The upcoming rule to implement the standard comes as the corn ethanol industry is reeling from weakened demand and the financial crisis, prompting some plants to close.
The industry is leaning on EPA to issue a finding that allows higher ethanol blends in gasoline than the current 10 percent limit in order to expand the market.
The new 2009 annual outlook by the Renewable Fuels Association—a major ethanol trade group—warns that the industry is "quickly careening toward the blend wall," or the point at which the gasoline market is saturated with as much ethanol as it can handle at the 10 percent level.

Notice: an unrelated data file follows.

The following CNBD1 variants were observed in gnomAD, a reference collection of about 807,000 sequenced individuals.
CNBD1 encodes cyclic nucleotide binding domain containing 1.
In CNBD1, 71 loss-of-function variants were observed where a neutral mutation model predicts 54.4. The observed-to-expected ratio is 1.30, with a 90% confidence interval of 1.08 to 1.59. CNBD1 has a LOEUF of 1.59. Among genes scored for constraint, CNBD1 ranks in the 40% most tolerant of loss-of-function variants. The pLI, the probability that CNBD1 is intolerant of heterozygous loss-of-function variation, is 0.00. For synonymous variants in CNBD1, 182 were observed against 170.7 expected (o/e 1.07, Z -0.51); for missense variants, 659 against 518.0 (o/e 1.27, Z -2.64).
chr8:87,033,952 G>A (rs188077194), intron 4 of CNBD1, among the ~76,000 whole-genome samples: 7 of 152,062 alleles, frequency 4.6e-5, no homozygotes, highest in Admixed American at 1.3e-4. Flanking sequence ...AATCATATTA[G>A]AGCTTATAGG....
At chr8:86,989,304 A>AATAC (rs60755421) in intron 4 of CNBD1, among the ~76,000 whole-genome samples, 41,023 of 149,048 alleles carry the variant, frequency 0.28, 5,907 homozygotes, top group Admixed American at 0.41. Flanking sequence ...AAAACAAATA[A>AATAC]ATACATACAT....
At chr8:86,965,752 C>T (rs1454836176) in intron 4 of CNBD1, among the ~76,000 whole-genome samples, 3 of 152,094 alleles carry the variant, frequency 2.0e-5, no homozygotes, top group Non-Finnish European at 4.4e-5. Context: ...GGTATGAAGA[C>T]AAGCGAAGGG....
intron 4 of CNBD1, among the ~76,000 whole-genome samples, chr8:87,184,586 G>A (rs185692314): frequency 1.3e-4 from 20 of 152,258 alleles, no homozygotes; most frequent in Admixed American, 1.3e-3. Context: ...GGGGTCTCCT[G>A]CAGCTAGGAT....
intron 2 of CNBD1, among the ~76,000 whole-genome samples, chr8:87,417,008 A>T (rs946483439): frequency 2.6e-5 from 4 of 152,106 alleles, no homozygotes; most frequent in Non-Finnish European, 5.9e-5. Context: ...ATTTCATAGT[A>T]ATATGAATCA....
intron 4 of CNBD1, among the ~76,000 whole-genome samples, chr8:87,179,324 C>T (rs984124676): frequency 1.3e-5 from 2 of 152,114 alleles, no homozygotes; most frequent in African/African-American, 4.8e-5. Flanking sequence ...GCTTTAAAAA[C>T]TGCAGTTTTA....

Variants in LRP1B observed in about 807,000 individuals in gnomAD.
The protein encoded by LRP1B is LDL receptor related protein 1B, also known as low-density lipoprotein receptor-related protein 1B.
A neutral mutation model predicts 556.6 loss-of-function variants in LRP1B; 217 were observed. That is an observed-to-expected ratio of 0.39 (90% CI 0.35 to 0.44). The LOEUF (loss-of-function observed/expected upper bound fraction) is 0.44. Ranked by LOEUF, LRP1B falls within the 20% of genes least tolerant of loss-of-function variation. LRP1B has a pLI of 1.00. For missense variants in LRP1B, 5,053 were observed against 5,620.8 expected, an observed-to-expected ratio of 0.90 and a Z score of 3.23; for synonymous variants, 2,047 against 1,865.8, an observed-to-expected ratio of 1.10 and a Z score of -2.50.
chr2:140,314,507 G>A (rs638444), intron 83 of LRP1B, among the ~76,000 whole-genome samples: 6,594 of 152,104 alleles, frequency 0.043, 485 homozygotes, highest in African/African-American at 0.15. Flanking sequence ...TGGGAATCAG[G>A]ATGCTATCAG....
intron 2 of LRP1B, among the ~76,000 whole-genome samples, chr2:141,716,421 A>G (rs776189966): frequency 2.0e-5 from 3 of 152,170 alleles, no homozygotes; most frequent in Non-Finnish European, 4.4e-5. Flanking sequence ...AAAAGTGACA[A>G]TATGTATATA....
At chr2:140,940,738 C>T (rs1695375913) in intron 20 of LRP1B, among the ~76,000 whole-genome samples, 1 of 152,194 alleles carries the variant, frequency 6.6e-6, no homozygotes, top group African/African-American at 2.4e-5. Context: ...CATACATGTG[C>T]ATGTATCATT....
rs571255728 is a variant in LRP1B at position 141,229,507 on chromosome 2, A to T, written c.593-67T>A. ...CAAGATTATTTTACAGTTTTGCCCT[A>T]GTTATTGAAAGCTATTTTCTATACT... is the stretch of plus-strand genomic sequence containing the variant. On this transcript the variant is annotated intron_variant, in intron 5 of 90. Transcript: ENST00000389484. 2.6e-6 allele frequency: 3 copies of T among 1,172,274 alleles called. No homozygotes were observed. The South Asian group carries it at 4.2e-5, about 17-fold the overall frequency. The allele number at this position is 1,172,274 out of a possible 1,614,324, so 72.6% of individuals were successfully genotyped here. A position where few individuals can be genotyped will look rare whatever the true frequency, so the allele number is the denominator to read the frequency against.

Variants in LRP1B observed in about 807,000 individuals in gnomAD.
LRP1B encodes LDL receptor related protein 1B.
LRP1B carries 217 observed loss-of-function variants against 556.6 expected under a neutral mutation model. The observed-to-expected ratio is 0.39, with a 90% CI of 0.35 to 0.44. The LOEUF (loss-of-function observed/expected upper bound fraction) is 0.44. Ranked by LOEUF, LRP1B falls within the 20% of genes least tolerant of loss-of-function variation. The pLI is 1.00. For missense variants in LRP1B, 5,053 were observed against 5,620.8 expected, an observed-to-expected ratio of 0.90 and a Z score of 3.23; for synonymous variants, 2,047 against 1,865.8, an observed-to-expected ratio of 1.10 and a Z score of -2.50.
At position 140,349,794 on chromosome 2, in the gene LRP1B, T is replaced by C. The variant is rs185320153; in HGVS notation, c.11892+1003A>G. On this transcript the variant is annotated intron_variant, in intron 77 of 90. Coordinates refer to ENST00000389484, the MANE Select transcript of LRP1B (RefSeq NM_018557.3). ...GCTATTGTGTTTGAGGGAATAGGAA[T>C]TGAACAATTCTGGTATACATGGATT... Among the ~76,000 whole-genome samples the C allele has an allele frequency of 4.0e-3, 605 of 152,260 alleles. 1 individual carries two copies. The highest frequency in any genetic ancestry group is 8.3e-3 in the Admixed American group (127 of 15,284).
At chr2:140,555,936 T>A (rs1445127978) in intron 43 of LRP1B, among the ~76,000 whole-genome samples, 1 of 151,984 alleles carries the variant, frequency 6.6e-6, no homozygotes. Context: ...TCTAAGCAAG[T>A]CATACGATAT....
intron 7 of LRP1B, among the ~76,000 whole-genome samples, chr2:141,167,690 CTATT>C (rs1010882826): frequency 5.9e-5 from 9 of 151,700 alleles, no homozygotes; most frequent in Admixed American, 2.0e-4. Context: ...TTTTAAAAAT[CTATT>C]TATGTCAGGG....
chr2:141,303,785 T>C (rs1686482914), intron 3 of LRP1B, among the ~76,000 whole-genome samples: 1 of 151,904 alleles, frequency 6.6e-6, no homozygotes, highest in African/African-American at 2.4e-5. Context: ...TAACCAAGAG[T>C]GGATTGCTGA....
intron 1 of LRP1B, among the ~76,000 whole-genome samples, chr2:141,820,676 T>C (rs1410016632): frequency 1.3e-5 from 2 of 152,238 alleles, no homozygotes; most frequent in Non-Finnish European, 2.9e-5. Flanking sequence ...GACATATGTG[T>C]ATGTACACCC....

"Without a change in federal standards, that level of ethanol use will undermine the goals of the RFS and become an unwarranted cap on the growth of this industry and the development of next-generation technologies," it states. The issue is under EPA review as agencies gauge how higher blends would affect engines and emissions.
The industry is posed to produce in excess of 10 billion gallons of ethanol this year, according to the trade group.
Reprinted from Greenwire with permission from Environment & Energy Publishing, LLC. www.eenews.net, 202-628-6500